Why should you feel responsible for somebody losing their job if they are not keeping up with their job requirements and making you look bad and giving you stress? You need to consider getting rid of that part of the stress as soon as possible. Is there someone you can talk to to help with this mindset?

I have been trying to slow down his habit of eating out without him going cold turkey. I told him no more than once a day and I would prefer less than that. I have known him to eat all three meals out when I am working nights or overtime.

It sounds like it's time to start an allowance for his meals out and gas to get there so he can be responsible for his own personal budget. Of course he will have to be shown how to keep a running total of his expenses. Once the money runs out he will have to wait until next month.
Just 2 more quick thoughts - 1. If you are considering a more fuel efficient car be careful not to put yourself in more financial mess with having payments on a new car. 2. So what would happen (what could he do) if you were suddenly down sized ? (After you had already secured another more enjoyable job of course. If that is what you want.)

Cheers!
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Old 03-26-2013, 07:19 AM   #54
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Wow! You have a lot going on but, overall, you and your husband are very lucky.

You haven't mentioned kids, extendend family or close friends very much. Both you and your husband should have combined interests and seperate interests. You appear to have the money for hobbies and get togethers with others.

I wouldn't be thinking of divorce. There is almost a generation between your ages and when anyone is 75 you'll see signs of aging, both mental and physical. I see it in myself as well as my in laws, who just entered their 80's.

I would work in a comfortable job. You're lucky, you've already had job offers. This will give you time alone as well as time with your husband.

Overall, you have a long term marriage, financial security, you're smart, and most important, you have your health. I know many that would trade their lives for yours. If you ever spent a little time at a soup kitchen or mental health center you would really appreciate how good you have it. I have challenges but, overall, I'm very lucky as well. The very best of luck to you.
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Old 03-26-2013, 07:33 AM   #55
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Since you have already had a documented work-related severe stress incident at work, I would have a serious talk with your doctor about what your options are for filing for disability. If it is possible to reduce your hours further, that might be worth looking into as a bridge strategy -- it will keep some money coming in while you figure out if being at home more will help you to help your DH to adjust his behavior/save money. And if your employer fires you, you may have a good case for age/health-related discrimination.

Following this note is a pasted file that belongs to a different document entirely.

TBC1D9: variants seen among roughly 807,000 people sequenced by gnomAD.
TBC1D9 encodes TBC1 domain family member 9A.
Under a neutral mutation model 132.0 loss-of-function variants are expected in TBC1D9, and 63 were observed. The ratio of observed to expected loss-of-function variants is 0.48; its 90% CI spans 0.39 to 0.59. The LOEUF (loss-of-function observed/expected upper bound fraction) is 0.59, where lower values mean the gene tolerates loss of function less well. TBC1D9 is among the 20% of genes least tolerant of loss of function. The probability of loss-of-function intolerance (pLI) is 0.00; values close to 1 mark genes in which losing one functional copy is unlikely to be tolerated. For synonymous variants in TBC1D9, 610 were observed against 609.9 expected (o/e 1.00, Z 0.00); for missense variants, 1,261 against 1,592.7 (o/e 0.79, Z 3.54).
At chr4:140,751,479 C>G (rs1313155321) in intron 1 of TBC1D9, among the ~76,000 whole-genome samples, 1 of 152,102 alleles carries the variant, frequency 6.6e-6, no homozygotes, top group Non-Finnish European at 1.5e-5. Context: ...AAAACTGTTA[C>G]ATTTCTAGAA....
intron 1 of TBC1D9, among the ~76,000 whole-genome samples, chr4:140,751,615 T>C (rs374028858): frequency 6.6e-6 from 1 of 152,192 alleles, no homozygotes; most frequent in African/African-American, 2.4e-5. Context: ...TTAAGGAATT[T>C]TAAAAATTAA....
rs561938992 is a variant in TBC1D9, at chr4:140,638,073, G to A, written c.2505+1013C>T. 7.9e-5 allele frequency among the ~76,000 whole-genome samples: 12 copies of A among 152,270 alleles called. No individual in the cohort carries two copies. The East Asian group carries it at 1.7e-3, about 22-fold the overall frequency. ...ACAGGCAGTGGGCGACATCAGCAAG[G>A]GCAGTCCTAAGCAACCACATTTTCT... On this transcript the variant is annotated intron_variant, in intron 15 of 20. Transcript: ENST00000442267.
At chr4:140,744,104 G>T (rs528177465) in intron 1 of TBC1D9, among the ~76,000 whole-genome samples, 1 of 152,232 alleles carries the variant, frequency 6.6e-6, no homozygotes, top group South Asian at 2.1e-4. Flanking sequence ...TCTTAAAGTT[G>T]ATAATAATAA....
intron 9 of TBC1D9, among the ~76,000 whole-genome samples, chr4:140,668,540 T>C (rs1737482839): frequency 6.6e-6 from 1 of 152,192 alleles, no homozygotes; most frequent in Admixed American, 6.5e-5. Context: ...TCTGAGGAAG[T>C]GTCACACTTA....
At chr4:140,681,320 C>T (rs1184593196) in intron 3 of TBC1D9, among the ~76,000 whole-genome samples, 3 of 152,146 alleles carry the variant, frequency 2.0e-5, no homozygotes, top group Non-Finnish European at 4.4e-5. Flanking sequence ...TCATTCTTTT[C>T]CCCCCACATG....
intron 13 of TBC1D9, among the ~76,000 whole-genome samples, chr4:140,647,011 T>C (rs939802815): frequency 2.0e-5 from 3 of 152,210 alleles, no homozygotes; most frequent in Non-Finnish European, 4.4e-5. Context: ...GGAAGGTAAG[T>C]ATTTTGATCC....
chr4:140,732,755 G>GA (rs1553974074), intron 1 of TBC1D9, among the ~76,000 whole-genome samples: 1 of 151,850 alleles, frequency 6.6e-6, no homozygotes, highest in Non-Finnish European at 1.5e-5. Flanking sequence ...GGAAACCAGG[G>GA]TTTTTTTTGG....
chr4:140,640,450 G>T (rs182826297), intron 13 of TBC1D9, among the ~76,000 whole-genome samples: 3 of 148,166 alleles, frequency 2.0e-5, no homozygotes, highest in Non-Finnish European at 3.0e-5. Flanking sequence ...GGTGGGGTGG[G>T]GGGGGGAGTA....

My FIL has similar memory issues, though more serious (he's basically like a big 4 year old), and it is really a challenge so I feel for you on that front. Glad his personality changed for the better, though.
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Old 03-26-2013, 09:52 AM   #56
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Since you have a farm, you might want to check out permies.com (permaculture forum) for lots of money saving / making ideas for people trying to live off their land and not have regular jobs.

As katsmeow mentioned, if your farm is not a money making venture, then you might have a simpler life by selling it and moving to a smaller, less expensive dwelling with less upkeep. Any leftover cash from the farm sale could be used to invest and generate retirement income.

We know people in retirement with lots of land and animals to support and people who live in small spaces and have lots more time for clubs, hobbies and travel. For us, we see the small space households as having the most free time with the least overhead expenses.

If you are spending $1K a month on gas and restaurants, perhaps there are other areas of your budget you could cut back on as well in order to retire or take on a less stressful job. Having a detailed budget for now and in retirement and then running your numbers through a few different retirement calculators is key to developing your long term plan.
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Old 03-27-2013, 05:43 PM   #57
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Sorry to be late to this thread. To the OP : it may make sense for you to contact a marriage counsellor first. I am sorry you have to go through this. Believe in yourself.